Staff Review: "The Passion of Dolssa"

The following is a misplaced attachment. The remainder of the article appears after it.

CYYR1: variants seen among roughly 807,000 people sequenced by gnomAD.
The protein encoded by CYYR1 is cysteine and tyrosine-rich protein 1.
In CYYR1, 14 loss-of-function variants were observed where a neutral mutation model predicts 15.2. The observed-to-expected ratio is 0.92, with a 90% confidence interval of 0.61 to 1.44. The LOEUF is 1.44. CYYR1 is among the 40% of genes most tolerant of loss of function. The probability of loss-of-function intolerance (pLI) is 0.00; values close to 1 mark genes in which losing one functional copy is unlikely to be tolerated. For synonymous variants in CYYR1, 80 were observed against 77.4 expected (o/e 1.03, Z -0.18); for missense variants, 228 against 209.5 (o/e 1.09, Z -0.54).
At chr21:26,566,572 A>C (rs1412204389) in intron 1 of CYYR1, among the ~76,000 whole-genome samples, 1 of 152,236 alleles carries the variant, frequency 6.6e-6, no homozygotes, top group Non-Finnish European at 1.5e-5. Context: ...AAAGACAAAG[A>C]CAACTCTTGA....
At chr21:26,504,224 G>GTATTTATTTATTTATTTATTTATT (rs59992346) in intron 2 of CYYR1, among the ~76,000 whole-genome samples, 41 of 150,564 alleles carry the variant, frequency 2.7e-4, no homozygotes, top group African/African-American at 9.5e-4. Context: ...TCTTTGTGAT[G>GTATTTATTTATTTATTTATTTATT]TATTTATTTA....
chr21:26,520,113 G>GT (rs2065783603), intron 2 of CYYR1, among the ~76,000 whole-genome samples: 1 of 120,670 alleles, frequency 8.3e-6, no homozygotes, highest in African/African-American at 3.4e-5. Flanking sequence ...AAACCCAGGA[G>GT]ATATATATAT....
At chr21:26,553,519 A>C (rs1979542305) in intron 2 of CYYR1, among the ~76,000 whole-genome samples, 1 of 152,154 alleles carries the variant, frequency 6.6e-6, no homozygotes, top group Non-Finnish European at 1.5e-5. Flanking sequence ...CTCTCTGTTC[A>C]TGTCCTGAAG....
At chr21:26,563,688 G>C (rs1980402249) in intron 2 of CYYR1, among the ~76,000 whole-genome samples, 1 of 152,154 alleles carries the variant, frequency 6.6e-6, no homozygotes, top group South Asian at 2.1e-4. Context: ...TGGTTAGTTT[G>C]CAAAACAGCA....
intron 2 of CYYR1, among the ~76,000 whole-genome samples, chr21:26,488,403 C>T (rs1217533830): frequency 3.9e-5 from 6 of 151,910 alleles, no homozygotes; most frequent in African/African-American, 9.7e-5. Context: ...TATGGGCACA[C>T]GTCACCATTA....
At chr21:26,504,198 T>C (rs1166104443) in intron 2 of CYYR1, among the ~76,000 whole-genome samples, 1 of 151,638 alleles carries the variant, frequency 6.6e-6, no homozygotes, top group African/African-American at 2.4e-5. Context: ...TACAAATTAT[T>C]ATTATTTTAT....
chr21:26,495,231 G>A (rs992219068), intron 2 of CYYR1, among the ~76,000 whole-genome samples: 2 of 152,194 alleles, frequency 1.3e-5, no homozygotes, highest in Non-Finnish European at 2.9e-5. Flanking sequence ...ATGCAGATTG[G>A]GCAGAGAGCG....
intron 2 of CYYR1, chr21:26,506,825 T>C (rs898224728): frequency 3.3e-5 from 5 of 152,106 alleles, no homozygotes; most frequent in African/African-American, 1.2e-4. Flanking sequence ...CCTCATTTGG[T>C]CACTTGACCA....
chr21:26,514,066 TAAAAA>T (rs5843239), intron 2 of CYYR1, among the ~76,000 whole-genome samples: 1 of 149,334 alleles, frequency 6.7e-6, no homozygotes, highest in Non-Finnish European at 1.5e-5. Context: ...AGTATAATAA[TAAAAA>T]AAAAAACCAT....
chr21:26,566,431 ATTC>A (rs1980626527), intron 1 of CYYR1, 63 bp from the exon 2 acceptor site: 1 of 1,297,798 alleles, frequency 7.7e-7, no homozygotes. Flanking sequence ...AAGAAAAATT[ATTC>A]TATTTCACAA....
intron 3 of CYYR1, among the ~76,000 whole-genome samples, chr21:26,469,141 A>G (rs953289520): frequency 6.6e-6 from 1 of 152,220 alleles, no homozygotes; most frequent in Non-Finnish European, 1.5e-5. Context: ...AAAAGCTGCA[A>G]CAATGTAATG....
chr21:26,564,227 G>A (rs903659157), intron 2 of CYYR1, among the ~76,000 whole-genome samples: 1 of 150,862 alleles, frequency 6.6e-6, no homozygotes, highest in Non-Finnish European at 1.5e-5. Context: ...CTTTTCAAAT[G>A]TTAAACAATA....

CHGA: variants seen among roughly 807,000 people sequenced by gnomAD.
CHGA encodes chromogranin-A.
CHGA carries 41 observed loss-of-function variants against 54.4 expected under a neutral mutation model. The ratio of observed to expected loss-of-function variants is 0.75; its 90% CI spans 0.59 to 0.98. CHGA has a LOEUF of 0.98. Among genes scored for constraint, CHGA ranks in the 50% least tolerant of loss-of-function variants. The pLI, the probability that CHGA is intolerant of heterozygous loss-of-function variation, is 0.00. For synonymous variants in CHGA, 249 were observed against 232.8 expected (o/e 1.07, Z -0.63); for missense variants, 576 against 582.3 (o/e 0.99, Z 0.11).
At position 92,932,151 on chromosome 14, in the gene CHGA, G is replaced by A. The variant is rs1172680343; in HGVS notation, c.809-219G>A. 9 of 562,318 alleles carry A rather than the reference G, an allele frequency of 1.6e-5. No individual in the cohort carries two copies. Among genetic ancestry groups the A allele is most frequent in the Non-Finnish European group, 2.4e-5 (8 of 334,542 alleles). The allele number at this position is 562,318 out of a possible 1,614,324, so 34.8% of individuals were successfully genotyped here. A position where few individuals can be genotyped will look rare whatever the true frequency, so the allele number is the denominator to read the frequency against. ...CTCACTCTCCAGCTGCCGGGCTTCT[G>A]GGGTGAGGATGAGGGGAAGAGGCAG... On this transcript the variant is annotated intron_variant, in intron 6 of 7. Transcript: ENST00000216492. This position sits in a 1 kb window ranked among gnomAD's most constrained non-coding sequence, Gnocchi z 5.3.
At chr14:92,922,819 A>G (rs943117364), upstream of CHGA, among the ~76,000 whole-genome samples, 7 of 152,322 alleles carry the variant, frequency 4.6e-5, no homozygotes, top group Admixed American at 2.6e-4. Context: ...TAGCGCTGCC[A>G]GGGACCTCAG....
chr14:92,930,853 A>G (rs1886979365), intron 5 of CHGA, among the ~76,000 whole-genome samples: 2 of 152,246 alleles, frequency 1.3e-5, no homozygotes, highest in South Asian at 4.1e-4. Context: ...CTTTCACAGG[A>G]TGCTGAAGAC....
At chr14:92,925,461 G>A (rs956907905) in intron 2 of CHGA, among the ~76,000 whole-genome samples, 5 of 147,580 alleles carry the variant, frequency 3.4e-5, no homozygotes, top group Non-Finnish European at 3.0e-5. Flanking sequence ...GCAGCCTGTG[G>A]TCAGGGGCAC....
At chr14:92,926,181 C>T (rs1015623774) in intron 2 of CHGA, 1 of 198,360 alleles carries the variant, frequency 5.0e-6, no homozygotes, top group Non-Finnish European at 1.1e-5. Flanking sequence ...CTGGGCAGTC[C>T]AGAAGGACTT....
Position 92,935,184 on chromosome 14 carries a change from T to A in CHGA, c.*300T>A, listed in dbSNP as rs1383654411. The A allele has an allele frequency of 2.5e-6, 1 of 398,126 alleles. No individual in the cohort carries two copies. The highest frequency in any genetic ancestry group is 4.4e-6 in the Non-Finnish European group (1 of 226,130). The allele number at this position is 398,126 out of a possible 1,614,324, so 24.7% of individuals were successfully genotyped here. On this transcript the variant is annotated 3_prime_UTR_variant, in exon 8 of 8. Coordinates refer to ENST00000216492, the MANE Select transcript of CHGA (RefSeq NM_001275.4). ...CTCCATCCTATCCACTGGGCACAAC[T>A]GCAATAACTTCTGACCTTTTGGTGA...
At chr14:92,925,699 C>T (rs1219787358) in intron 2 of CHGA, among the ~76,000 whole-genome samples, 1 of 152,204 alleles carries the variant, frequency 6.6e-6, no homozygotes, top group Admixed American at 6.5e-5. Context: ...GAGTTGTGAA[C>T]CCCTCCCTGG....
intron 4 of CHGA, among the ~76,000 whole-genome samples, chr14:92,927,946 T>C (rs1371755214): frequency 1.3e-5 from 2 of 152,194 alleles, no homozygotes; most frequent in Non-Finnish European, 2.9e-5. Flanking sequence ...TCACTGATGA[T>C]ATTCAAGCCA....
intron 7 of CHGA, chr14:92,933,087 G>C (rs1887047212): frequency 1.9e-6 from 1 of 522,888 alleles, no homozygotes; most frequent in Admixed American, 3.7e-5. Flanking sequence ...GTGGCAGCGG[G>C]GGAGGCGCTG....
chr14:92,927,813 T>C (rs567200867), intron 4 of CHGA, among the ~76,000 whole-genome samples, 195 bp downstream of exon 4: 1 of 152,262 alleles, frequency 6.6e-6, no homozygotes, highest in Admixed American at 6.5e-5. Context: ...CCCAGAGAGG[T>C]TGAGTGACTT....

Dolssa de Stigata is a young noblewoman of eighteen who draws the attention of church authorities when they learn that she is telling family members and friends of the bond she shares with her beloved Lord. Sentenced to death along with her mother, she is mysteriously freed before she is to be dragged into the flames and begins a life on the run hiding from the authorities. Close to death, she is discovered in a ditch off the side of the road by Botille, a seventeen-year-old peasant girl, the middle daughter of three who run a small tavern and have carefully created a place for themselves in the seaside community of Bajas. For reasons she is at a loss to explain, Botille lies to the friar who happens by and asks her what she has found and plays along with the lie of a fellow traveler by pretending to be mentally disabled as she speaks of a dying bird and hiding the dying girl. From that moment, the fates of the two young women are bound. It’s 1241 in Provence, France, and the region has yet to recover from earlier crusades that tested familial and community ties as the inquisitors sought out heretics and those who protected, aided, and/or were followers of them. What cost will be extracted for this act of mercy? Steeped in the historical record, this fictional work is inspired by the stories of multiple female mystics and set in the time period following the brutal Albigensian Crusade in 13th century France. It’s a compelling story of two young women from very different backgrounds and their unlikely friendship that is formed in a dangerous time where dissent was actively hunted and destroyed. I found myself immersed in the world and invested in the fates of the characters as the stakes continued to rise. A list of the characters, glossary, and historical information (all of which are listed in the table of contents) is provided at the end of the book and may be helpful for readers to review before starting the main text. It’s a teen book, but teens and adults alike who enjoy historical fiction, particularly those who have an interest in the expression and repression of faith are likely to enjoy this book. The audiobook, which is available on OverDrive, is also excellent.check it out more reviews